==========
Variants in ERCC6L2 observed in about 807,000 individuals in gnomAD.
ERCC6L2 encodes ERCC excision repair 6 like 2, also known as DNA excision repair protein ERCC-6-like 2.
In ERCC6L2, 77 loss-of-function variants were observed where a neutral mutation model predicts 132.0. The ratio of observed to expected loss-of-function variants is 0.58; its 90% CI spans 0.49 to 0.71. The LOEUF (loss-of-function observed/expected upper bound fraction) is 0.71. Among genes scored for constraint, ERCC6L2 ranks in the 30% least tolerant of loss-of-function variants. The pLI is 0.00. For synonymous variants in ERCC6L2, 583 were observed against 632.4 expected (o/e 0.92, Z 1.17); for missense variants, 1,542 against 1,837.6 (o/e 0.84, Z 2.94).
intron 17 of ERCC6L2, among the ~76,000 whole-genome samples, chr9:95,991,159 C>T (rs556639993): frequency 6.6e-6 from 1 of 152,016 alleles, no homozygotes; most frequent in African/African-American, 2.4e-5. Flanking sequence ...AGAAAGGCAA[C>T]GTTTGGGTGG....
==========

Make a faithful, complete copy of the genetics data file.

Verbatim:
Variants in ERCC6L2 observed in about 807,000 individuals in gnomAD.
ERCC6L2 encodes ERCC excision repair 6 like 2, also known as DNA excision repair protein ERCC-6-like 2.
In ERCC6L2, 77 loss-of-function variants were observed where a neutral mutation model predicts 132.0. The ratio of observed to expected loss-of-function variants is 0.58; its 90% CI spans 0.49 to 0.71. The LOEUF (loss-of-function observed/expected upper bound fraction) is 0.71. Among genes scored for constraint, ERCC6L2 ranks in the 30% least tolerant of loss-of-function variants. The pLI is 0.00. For synonymous variants in ERCC6L2, 583 were observed against 632.4 expected (o/e 0.92, Z 1.17); for missense variants, 1,542 against 1,837.6 (o/e 0.84, Z 2.94).
intron 17 of ERCC6L2, among the ~76,000 whole-genome samples, chr9:95,991,159 C>T (rs556639993): frequency 6.6e-6 from 1 of 152,016 alleles, no homozygotes; most frequent in African/African-American, 2.4e-5. Flanking sequence ...AGAAAGGCAA[C>T]GTTTGGGTGG....